Some organizations have protocols for communicating about an employee’s departure, but often, individual managers are left to figure out what to say on their own.

If you’re among the latter, you might consider a useful template from Alison Green, who blogs at Ask a Manager. If it’s a voluntary quit, she suggests something like this:

“I’m sad to announce that Pete has decided to move on and his last day with us will be (date). Pete has been our top sales guy for three years running, and we wish him the very best. He’ll be hard to replace. In the interim, you can go to Jacki about any business you would have raised with Pete.”

If you’re dealing with an employee termination, vary the wording this way:

“Unfortunately, Pete’s last day with us was today. We wish him the best of luck, and we’ll be moving quickly to hire a replacement. In the interim, you can go to Jacki about any business you would have raised with Pete.”

2 Comments

  • Maryposa says:

    I am struggling with what to say about an employee who no longer works here because he committed suicide two weeks ago. So far, we have been communicating with people on a case-by-case basis, depending on how well they knew the employee. Are there legal restrictions on what we can or cannot say?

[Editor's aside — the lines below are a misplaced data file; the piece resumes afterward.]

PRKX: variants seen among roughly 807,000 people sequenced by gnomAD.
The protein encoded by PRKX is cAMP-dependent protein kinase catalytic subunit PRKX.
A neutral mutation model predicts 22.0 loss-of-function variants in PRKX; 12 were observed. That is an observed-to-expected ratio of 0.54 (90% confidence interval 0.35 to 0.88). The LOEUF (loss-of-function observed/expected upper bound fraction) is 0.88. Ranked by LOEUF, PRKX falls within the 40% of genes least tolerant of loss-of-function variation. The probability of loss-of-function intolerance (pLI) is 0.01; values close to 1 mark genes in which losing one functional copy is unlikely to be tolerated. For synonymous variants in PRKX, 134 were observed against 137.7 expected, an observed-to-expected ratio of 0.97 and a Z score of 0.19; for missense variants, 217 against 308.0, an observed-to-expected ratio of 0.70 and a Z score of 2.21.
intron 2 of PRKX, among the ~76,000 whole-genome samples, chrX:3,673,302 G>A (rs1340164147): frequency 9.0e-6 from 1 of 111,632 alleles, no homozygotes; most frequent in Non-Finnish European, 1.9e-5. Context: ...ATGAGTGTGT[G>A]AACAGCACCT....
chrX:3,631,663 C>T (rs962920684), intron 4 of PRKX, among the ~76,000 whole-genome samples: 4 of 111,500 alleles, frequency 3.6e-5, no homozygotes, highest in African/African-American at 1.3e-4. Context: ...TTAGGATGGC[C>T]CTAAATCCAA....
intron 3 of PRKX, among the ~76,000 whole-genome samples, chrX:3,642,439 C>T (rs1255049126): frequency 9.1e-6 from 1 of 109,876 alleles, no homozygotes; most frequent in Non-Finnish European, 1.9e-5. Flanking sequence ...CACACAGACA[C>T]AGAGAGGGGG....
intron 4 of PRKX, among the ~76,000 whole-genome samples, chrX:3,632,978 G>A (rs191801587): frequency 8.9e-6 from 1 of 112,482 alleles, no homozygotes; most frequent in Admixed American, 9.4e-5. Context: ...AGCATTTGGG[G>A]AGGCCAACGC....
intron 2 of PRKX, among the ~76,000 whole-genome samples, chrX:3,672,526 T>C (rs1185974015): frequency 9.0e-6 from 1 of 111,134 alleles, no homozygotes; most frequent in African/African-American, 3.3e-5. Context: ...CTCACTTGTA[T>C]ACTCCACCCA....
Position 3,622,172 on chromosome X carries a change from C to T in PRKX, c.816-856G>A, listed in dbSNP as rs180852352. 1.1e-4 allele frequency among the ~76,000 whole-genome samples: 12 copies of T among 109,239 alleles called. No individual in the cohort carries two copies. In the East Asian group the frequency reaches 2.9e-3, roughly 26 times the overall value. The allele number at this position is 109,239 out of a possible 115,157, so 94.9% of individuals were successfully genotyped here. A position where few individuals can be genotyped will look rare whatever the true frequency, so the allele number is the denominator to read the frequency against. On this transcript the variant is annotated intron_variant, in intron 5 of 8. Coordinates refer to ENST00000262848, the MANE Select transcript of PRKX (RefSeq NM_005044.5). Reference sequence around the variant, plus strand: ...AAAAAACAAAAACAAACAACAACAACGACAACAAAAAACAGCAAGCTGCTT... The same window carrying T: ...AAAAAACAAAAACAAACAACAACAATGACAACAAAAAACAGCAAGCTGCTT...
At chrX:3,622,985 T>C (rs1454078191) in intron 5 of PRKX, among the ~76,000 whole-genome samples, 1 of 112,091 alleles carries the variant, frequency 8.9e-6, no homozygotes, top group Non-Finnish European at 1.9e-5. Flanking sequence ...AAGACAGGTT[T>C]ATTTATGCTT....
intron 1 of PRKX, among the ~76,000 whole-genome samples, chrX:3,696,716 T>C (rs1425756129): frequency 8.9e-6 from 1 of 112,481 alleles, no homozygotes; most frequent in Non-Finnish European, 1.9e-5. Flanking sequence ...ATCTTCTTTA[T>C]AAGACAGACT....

• Maryposa says:

    I am struggling with what to say about an employee who no longer works here because he committed suicide two weeks ago. So far, we have been communicating with people on a case-by-case basis, depending on how well they knew the employee. Are there legal restrictions on what we can or cannot say?

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